What does 'aṭavi·saṅkopo' mean?

The expression comes in a number of suttas from AN (AN 5.54, AN 5.78 etc.)

It goes like this:

bhayaṃ hoti aṭavisaṅkopo, cakkasamārūḷhā jānapadā pariyāyanti.

Translations vary a lot

ven. BB:

there is peril, turbulence in the wilderness, and the people of the countryside, mounted on their vehicles, flee on all sides.

ven. TB:

there is danger & an invasion of savage tribes. Taking power, they surround the countryside.

The commentary says:

‘aṭavisaṅkopo’ ti aṭaviyā saṅkopo. aṭavīti cettha aṭavivāsino corā veditabbā. yadā hi te aṭavito janapadaṃ otaritvā gāmanigamarājadhāniyo paharitvā vilumpanti, tadā aṭavisaṅkopo nāma hoti, taṃ sandhāyetaṃ vuttaṃ.

I don’t feel comfortable enough to provide an exact translation, but it says it should be understood as thieves dwelling in the forest, who come out of the forest, invade villages and towns and plunder them

ven. BB: turbulence in the wilderness (saGkopayati in Sankrit means ’ become agitated, excited or angry’)

ven. TB: an invasion of savage tribes (? I guess this is due to those people coming from the forest, translating saṅkopo as ‘savage’)

‘cakkasamārūḷhā’ ti ettha iriyāpathacakkampi vaṭṭati yānacakkampi. bhayasmiṃ hi sampatte yesaṃ yānakāni atthi, te attano parikkhārabhaṇḍaṃ tesu āropetvā palāyanti. yesaṃ natthi, te kājena vā ādāya sīsena vā ukkhipitvā palāyantiyeva. te cakkasamārūḷhā nāma honti.

When the danger arrives, those who have a cart put their important belongings in it and run away, and those who have none take carrying poles or carry their belongings on their head and run away.

ven. BB: mounted on their vehicles

ven. TB: Taking power (? probably a non-litteral interpretation with cakka - the wheel - as symbol of power)

‘pariyāyantī’ ti ito cito ca gacchanti.

Apparently, this means that they go ‘here and there’ (wherever they can).

ven. BB: they flee on all sides

ven. TB: they surround the countryside (this apparently takes janapadā as what should be an accusative, which it is not, it seems).


Yes, it’s a difficult idiom.

First, while the reading you give is the most widely accepted, it is worth bearing in mind that there are many variants: aṭṭavisaṅkopo, aṭavisaṁkho, aṭavisaṅkhepo, aṭavisaṅkhobho. Sankopa doesn’t appear elsewhere so far as i know, but it appears to be derived from kuppati in the sense “agitation, uprising”. The reading saṅkhobha is from saṅkhubhati in a similar meaning. Saṅkhepa appears to be incoherent, even though adopted by the PTS edition. Aṭṭa and saṁkha also appear to be mistakes. (One might almost imagine combining them as aṭṭasaṁkha, “grabbing the conch”, i.e. “sounding the alarm”. But this is way too much of a stretch!)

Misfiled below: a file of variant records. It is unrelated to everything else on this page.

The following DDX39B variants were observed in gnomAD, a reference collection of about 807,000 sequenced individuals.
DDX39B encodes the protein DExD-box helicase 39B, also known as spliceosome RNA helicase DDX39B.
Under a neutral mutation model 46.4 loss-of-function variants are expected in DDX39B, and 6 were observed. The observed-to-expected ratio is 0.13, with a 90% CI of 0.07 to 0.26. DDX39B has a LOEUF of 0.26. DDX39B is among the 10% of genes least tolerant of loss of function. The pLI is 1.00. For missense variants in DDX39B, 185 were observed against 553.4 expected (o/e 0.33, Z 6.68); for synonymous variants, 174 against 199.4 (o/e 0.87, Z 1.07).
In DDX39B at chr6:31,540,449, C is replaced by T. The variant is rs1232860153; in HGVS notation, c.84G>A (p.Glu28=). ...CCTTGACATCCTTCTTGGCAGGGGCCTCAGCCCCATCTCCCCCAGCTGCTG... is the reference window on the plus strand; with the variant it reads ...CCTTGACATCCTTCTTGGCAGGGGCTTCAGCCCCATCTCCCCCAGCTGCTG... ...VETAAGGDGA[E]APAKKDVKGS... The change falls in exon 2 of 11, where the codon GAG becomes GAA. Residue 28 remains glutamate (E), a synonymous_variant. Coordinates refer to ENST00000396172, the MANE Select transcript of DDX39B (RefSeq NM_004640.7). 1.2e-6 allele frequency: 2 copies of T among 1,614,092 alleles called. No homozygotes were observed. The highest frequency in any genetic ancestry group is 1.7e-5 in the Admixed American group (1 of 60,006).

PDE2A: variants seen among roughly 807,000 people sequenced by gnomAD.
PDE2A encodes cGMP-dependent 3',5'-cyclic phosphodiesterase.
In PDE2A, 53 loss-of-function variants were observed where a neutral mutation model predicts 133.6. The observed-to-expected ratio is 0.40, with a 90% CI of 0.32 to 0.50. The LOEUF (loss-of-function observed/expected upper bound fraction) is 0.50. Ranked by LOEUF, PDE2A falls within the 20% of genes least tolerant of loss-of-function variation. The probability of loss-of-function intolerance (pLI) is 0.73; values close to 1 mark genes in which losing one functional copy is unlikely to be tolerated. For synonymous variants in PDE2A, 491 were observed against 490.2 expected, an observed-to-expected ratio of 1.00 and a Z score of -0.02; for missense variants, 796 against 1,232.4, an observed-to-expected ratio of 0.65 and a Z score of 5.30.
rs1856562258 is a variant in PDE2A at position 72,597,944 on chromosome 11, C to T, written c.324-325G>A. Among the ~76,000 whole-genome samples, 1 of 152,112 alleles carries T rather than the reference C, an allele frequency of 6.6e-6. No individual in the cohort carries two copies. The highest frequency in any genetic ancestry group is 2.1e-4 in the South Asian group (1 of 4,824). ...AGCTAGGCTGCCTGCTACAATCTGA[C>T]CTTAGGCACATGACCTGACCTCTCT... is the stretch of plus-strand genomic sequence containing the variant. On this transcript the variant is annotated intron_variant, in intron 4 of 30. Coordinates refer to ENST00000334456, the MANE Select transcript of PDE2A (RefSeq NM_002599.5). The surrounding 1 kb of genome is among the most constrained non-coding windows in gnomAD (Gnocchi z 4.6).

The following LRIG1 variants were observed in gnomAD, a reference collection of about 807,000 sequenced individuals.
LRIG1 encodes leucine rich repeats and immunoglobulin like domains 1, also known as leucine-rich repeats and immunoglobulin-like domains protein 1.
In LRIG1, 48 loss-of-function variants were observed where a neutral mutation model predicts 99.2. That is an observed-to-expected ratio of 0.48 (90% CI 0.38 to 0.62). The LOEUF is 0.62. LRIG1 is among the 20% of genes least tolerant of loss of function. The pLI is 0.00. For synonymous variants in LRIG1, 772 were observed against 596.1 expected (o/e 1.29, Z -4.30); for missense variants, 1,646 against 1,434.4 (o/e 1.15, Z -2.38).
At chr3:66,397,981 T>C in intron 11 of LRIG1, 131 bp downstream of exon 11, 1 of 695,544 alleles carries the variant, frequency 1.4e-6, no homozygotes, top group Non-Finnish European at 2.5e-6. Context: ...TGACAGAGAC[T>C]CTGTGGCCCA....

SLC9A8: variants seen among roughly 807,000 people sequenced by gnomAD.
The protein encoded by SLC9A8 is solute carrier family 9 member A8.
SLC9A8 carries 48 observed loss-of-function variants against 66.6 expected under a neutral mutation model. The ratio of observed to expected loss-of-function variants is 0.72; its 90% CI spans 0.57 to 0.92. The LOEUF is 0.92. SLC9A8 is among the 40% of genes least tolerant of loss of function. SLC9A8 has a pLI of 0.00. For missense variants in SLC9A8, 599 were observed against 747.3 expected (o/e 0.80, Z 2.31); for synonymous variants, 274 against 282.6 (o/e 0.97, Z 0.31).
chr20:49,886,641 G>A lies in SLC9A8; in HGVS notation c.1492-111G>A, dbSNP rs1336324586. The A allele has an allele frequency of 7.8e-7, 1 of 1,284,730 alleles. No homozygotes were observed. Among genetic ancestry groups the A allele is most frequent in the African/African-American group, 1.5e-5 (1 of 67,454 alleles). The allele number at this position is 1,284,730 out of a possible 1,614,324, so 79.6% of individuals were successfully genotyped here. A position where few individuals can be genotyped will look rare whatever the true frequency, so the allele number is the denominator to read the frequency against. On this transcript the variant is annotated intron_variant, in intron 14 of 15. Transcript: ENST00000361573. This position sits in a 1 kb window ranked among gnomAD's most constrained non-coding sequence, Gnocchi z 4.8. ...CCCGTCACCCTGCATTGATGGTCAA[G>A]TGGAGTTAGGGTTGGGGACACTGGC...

Aṭavī means “forest, jungle”, and in certain idioms it also means “people of the forest, savage tribes”.

The latter idiom is apparent in Ja 539:

Aṭaviyo samuppannā, raṭṭhaṃ viddhaṃsayanti taṃ
the savages rise up and attack the nation

The commentary interprets aṭavī in AN 5.54 in this sense, as per the passage you quote above:

aṭavīti cettha aṭavivāsino corā veditabbā
here, aṭavī should be understood as bandits living in the jungle

So Ven Thanissaro follows the commentary here, while Ven Bodhi reads the term as meaning simply “forest”, against the commentaries. Ven Bodhi’s reading is more literal, and perhaps more linguistically justified, but it makes for a less clear translation.

Note that I don’t think Thanissaro is translating saṅkopa as “savage”. Rather, I believe he construes aṭavī as “savage tribes”, and saṅkopa is “invasion”.

As you say, Thanissaro appears to have misunderstood the second part of the sentence.

Here’s my translation:

There comes a time of peril from wild savages, and the countryfolk mount their vehicles and flee everywhere.


Flee, hither and thither perhaps?

with metta

That seems to be a better interpretation indeed, Bhante

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From Critical Pali Dictionary:

aṭavī-samkopa, m. (cf. paccanto kupito & aṭaviyo samuppannā above under aṭavī), unrest in forest districts; AN I 178,20 (explained as ‘inroad from forest tribes’ by Mp = aṭaviyā saṁkopo, etc.); Ill 66,9 (w. r. °-saṁkhepo)